House Democrats recently sent a letter to the Obama administration, objecting to a proposed rule that allows employers to establish “health-contingent wellness programs” that “allow differential rewards based on health status factors, including a person’s cholesterol, blood pressure, weight or body mass index.” The lawmakers argued that such programs would undermine the ACA’s prohibition on discrimination against persons with pre-existing conditions, and would disproportionately harm “certain population groups, including racial and ethnic minorities, such as Hispanics, African-Americans, and some Asian groups [with] a higher proportion of known genetic predisposition for certain illnesses that are screened through biometric measurement such as cholesterol or blood sugar levels.”
ACP, in a comment letter on the same proposed rule, similarly stated “that wellness programs must not be used as a means to discriminate against the sick and vulnerable. Wellness programs must be developed to encourage prevention and improve health rather than penalize those who are medically unable to meet wellness program goals.”
And ACP’s ethics policy, developed by its Committee on Ethics, Professionalism and Human Rights, states that “Incentives to promote behavior change should be designed to allocate health care resources fairly without discriminating against a class or category of people. The incentive structure must not penalize individuals by withholding benefits for behaviors or actions that may be beyond their control. Incentives to encourage healthy behaviors should be appropriate for the target population. The American College of Physicians supports the use of positive incentives for patients such as programs and services that effectively and justly promote physical and mental health and well-being.”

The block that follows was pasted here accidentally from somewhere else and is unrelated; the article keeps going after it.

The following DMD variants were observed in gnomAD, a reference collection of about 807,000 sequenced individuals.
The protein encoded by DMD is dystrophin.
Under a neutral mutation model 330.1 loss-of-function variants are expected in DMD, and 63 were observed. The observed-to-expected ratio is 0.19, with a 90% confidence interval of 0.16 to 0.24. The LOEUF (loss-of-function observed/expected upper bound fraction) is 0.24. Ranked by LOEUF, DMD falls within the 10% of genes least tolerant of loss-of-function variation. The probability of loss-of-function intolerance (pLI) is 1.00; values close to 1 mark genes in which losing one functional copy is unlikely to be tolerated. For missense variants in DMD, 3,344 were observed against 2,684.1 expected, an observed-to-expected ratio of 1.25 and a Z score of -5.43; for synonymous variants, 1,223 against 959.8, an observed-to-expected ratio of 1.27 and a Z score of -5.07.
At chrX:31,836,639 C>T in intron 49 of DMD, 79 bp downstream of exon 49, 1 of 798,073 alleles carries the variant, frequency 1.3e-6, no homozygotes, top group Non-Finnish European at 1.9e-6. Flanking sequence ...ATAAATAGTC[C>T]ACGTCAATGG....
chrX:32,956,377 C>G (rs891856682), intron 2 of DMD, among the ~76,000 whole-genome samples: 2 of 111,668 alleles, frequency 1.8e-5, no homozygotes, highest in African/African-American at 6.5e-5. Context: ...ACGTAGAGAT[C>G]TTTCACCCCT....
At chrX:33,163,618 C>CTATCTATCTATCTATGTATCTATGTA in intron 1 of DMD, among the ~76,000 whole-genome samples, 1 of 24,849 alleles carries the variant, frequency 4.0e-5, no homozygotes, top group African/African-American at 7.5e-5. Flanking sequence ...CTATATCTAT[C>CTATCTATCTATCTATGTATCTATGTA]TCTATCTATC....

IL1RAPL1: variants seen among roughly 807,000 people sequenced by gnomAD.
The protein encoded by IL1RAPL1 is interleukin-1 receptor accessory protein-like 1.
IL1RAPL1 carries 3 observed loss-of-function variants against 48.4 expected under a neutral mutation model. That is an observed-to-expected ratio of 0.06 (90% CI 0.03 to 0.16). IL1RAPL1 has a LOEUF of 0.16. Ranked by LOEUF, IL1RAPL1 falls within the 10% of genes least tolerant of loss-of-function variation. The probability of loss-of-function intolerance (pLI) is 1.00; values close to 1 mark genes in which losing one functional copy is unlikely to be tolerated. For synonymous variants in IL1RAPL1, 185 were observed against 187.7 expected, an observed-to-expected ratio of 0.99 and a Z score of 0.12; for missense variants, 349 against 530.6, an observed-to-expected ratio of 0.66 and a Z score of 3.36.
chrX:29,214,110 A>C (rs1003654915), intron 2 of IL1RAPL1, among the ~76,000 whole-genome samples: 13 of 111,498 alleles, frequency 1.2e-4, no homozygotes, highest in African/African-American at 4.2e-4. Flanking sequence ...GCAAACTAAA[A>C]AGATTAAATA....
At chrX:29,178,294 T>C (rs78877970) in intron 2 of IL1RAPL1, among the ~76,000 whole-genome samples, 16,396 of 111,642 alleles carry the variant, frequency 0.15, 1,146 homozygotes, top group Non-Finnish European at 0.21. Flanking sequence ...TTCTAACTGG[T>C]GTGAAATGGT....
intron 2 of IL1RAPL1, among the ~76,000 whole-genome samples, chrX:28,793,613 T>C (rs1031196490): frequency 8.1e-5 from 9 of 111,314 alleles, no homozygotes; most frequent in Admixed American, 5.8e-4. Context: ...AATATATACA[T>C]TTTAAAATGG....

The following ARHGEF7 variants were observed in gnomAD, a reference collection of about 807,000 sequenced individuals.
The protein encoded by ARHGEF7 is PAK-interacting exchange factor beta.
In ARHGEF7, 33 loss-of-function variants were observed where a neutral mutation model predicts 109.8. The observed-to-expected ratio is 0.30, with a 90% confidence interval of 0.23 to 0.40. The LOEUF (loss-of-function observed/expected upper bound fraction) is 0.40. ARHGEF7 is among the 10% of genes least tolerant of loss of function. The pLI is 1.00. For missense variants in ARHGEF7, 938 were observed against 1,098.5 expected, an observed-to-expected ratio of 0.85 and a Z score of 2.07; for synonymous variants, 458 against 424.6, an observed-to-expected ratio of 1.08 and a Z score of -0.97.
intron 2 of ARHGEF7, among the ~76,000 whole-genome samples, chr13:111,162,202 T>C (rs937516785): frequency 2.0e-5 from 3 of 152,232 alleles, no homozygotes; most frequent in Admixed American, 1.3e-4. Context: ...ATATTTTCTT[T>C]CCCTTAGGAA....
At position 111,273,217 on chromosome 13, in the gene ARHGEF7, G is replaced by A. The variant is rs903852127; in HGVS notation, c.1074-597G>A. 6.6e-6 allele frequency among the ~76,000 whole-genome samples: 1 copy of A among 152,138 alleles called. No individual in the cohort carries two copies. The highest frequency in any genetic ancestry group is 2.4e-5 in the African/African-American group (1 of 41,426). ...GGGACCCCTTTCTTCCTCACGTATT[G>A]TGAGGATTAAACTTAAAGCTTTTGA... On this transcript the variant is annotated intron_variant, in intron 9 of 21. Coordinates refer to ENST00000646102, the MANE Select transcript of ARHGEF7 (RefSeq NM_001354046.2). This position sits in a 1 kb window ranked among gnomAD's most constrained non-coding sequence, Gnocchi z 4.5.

Objecting to stigmatizing and punishing patients because of their body weight, health status, genetics, and personal choices is not the same as arguing that patients shouldn’t be engaged in, and responsible for, making contributions to their own health. Physicians can and should engage patients in shared decision-making about their health. They should engage patients in helping them understand their risk factors and how they might help reduce their risks. They should help them succeed and also support them if they fail.
Physicians can also advocate for public policies to engage and empower patients in healthcare decision-making–such as for reimbursement changes to allow physicians to spend the time required for effective shared decision-making and creating positive incentives to help people access effective weight-loss or other wellness programs. While advocating against policies to stigmatize and punish people for their health status.
As my mother might say, no one likes a scold. Let’s stop scolding people for supposedly not doing enough to stay healthy. And instead, lets start helping them be as healthy as they can and make sure they are cared for when they are sick, no matter what they did or didn’t do when it comes to taking care of their own health or the genes they inherited from their parents.
Bob Doherty is Senior Vice President of Governmental Affairs and Public Policy, American College of Physicians and blogs at The ACP Advocate Blog.